While Wisconsin has been missing tailbacks Anthony Davis and Dwayne Smith intermittently, the Buckeyes offense has also dealt with a key component missing games due to injury. Quarterback Craig Krenzel, though, is certain to play Saturday and should be 100 percent.
The Buckeyes, like the Badgers, were supposed to have an explosive, multi-faceted offense that could burn teams through the air and on the ground. Instead, Ohio State has struggled in both respects, averaging just 3.3 yards per carry and 6.5 yards per pass. The Badgers, meanwhile, have hit plenty of big plays in the passing game, but quarterback Jim Sorgi has struggled with his accuracy.
Whereas the Buckeyes and Badgers have been billed as having two of the most talented receiving corps in the country, that depth and wealth has been only partially showcased this season. Wisconsin's Lee Evans and Brandon Williams and Ohio State's Michael Jenkins have starred, but few of the rest have shined through. Still, why not simply turn to your stars to make plays? It has worked for the Buckeyes through a 19-game winning streak, after all. And despite the respective passing games not putting up quite the gaudy numbers that were anticipated, each of these teams can still stretch the field.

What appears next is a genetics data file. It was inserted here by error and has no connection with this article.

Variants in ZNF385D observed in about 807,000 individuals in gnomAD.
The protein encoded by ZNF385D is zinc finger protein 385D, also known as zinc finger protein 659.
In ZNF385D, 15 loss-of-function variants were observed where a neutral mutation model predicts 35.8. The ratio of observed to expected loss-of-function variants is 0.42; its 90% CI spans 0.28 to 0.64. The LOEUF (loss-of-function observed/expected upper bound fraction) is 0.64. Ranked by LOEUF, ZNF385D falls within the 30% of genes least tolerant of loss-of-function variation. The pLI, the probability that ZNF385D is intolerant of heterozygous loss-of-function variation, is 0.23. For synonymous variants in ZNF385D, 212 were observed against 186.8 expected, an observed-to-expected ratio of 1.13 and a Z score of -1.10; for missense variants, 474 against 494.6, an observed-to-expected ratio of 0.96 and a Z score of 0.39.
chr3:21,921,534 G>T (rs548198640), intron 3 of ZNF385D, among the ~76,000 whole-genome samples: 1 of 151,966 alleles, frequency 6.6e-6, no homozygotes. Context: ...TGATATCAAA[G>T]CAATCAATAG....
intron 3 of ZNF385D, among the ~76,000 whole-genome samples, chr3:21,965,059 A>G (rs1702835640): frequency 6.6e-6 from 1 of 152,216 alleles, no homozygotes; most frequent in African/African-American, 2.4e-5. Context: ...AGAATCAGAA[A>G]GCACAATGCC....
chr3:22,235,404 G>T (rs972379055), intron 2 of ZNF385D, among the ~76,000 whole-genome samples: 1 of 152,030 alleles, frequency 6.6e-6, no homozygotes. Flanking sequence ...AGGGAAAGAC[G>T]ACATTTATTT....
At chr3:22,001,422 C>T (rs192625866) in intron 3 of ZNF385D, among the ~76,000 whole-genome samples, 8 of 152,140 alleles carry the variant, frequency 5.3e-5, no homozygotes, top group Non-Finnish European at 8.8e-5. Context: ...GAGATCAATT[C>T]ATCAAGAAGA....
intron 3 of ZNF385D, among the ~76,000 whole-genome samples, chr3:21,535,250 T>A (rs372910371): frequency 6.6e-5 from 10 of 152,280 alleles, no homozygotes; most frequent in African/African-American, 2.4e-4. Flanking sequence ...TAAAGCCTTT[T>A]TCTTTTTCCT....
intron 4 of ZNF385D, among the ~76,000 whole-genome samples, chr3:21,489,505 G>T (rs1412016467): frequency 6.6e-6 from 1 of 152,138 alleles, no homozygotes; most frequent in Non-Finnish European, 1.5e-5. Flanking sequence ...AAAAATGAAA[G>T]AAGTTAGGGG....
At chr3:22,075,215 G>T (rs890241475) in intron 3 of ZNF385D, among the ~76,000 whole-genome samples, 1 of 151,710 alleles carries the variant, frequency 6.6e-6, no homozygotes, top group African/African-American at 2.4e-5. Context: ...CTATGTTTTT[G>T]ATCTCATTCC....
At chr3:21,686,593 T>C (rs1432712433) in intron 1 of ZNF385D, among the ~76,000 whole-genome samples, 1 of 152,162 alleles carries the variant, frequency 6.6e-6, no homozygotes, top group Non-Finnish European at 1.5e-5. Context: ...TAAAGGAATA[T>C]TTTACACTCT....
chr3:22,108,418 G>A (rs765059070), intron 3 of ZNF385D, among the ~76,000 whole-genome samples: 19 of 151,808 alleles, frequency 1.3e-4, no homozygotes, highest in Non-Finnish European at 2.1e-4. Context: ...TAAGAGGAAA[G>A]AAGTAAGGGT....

"I think they do a good job of when they throw and what they throw," Tressel said. "When you're playing against a good run team, knowing that at any moment they can hit a homerun throwing the ball, I think that makes your challenge tougher."
"This game especially is where you really have to be on top of your keys," Wisconsin safety Jim Leonhard said. "They are a balanced team. They will run the ball, they will throw the ball. Being a safety you are going to be clean, you have to be on both. This is where you can't be thinking, ‘I've got to make this big interception,' because they will run the ball on you. This is where you really have to be on top of your game because they are such a balanced offense."